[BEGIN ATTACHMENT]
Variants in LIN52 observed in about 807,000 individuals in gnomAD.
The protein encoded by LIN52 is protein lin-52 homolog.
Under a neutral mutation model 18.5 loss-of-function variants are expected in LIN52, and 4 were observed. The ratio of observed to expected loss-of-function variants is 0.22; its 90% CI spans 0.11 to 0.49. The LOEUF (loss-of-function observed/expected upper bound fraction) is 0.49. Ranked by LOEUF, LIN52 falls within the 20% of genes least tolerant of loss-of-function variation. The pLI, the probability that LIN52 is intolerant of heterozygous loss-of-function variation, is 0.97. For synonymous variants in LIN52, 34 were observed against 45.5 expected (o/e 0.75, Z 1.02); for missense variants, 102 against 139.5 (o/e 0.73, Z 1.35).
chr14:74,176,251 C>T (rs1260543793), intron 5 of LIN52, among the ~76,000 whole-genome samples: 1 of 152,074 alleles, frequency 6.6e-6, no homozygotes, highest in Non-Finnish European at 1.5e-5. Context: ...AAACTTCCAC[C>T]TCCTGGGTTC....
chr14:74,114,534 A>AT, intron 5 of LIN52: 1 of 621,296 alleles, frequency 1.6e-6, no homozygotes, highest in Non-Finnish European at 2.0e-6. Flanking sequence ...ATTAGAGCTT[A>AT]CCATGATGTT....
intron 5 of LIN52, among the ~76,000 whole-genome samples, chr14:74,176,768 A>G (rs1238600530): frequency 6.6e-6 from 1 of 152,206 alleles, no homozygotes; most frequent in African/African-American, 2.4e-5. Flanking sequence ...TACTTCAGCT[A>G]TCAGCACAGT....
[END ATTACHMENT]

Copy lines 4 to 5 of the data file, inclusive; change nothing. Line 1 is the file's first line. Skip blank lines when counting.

chr14:74,176,251 C>T (rs1260543793), intron 5 of LIN52, among the ~76,000 whole-genome samples: 1 of 152,074 alleles, frequency 6.6e-6, no homozygotes, highest in Non-Finnish European at 1.5e-5. Context: ...AAACTTCCAC[C>T]TCCTGGGTTC....
chr14:74,114,534 A>AT, intron 5 of LIN52: 1 of 621,296 alleles, frequency 1.6e-6, no homozygotes, highest in Non-Finnish European at 2.0e-6. Flanking sequence ...ATTAGAGCTT[A>AT]CCATGATGTT....